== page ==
IN A DOZEN MIC DROPS:
"...Houghton Mifflin rolled the dice and launched BAE, publishing it as a Ticknor & Fields book. The imprint dated from the early 19th century. It was the house that published Ralph Waldo Emerson, Oliver Wendell Holmes, James Russell Lowell, and Henry David Thoreau, essayists who, as one wag put it, parted their names in the middle. "
"When BAE was launched in 1986 as a Ticknor & Fields book, there was an air of lavender still hanging about the essay."
"Gay Talese’s introduction to the 1987 collection...was largely an extended retelling of the story of writing 'Frank Sinatra Has a Cold'...itself an extended re-telling of the story of Talese trying to get an interview with Sinatra, making this introduction meta-meta. It read as a paean for a New Journalism that even in 1987 was no longer new."
"Pfaff’s parenthetical jab is snobbery disguised as a critique of snobbery..."
"Epstein’s self-satisfied opening line reveals what he does and doesn’t know about economic class: 'Karl, Friedrich, forgive me, fellas, for never having taken much interest in your class struggle, but the truth is that for the better part of my live I have been a bit unclear about what class I myself belong to.' If were to hazard a guess, Joe, I’d say 'petit bourgeois intellectual.'"
"It is you and I, Gentle Reader, and I suspect that we, like Joseph Epstein, are petit bourgeois intellectuals, or at least, kissing cousins to petit bourgeois intellectuals."
"The label 'middle-class' itself obfuscates. Americans prefer it to more precise descriptors such as 'working-class,' 'petit bourgeois,' or 'capitalist.'...For us, it is disgraceful to say you’re lower class, distasteful to say you’re upper class. Such denial has long been part and parcel of American exceptionalism but it served the Reagan Era especially well.'
"The New Yorker...had always juxtaposed celebrity profiles with hand-wringing liberalism, ads for good scotch and fur coats with cartoons that poked fun at the people who wore the furs and sipped the cocktails, but it was in the 1980s that such self-deprecation soured into self-hatred, and a novel that starred a New Yorker fact-checker on a cocaine binge became a bestseller."
"On the most base level, New Journalism had resulted from a Midtown squabble among Esquire, The New Yorker, and the New York Magazine (formerly the Sunday supplement of the New York Herald Tribune) over the same advertising accounts."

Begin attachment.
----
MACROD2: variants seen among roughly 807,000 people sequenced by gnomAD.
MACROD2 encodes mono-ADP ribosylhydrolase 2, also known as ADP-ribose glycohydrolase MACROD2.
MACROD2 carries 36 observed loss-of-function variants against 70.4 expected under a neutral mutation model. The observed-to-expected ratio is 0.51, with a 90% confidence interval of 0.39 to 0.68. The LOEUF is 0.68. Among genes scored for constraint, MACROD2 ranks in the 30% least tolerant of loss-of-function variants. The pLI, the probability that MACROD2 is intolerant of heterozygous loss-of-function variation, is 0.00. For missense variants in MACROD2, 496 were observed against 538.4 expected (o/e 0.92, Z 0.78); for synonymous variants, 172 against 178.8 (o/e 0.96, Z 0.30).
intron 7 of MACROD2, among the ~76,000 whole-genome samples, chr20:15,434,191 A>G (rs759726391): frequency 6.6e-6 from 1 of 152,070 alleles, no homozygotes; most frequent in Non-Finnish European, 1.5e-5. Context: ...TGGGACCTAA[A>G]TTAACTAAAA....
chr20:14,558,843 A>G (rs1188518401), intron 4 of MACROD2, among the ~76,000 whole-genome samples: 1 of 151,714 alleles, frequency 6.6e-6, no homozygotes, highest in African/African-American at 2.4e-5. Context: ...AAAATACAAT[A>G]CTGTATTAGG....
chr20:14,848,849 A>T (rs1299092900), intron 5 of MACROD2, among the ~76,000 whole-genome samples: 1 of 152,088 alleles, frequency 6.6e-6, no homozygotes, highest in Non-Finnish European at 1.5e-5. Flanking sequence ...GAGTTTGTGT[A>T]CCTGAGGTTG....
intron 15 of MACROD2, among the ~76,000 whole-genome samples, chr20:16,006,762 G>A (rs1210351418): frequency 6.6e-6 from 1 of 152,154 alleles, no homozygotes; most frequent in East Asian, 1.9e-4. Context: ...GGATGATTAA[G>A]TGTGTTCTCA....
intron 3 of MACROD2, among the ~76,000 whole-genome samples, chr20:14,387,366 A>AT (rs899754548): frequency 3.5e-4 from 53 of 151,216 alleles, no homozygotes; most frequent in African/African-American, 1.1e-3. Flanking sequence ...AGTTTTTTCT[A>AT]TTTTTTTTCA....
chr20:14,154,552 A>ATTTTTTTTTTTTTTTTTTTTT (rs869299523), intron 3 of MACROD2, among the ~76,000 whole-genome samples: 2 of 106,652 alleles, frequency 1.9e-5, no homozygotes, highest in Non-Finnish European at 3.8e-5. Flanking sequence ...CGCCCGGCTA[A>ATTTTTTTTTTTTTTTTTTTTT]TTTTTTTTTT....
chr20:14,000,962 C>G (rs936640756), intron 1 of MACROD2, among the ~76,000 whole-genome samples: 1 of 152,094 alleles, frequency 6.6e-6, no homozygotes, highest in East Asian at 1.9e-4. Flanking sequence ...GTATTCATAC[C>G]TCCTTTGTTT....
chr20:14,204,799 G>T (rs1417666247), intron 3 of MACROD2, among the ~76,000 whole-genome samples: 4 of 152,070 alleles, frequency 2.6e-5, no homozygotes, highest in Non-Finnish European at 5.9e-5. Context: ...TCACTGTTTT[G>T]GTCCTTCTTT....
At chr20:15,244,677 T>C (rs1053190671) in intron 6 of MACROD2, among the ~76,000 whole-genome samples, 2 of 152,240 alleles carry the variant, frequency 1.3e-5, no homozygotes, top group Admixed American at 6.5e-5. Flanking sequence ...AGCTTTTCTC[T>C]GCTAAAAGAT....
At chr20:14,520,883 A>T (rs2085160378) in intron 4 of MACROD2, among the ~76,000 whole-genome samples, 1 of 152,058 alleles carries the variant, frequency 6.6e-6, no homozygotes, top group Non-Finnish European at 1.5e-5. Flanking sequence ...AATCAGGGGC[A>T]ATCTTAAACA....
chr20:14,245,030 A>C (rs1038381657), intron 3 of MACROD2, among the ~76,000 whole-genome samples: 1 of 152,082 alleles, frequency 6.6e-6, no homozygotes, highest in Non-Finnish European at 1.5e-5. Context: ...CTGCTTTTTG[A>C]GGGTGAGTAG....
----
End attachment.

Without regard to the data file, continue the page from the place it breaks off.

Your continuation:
"New Journalism had always been about the cross-pollination of nonfiction by fiction so it made sense that Talese’s volume of BAE would include novelists such as Dunne and Stone. (For partisans of the fourth genre, this choice always suggests that our inferiority complex is right. Essays can be written by fiction writers, real writers, with their left hand.)"
"Perhaps Talese admired Lopate’s piece on its own terms, perhaps they knew each other (though the East Side is further from Brooklyn than one might think), or perhaps Atwan, a fellow Montaignean, pushed for it; in any case, it stands out as more essayistic, more personal, more forward-looking than much of the rest of the volume. It foreshadows the renaissance of the essay that was about to come."
AND FINALLY, THE EXTENDED, ESSAY-ENDING MIC DROP:
"We ended up at the University of Iowa, precisely at the dawn of the essay renaissance the 1987 BAE foreshadowed. Carl Klaus was transforming the old expository writing program of literary criticism and composition theory into a program that focused exclusively on literary nonfiction. He brought Sanders and Lopez in for readings, and Patricia Hampl and Carol Bly for semester-long workshops. We read Montaigne and Bacon, Orwell and Baldwin, Didion and Mairs. We formed study groups and read each other’s stuff. It felt like we were riding a wave that was about to crest.
"Then Lopate’s anthology came out. The Atwan and Oates anthology came out. The John D’Agata anthologies came out. Fourth Genre, River Teeth, and Creative Nonfiction were launched. The Digital Revolution arrived, bringing Brevity and Assay with it. Where once Iowa was one of just a few graduate programs in nonfiction in the country; now there are almost 200. Robin Hemley introduced the NonfictioNow conference. No one longs for the good old days of New Journalism anymore, Elizabeth and I have (almost) raised our two daughters, BAE is in its thirtieth year, and the wave doesn’t seem to have crested."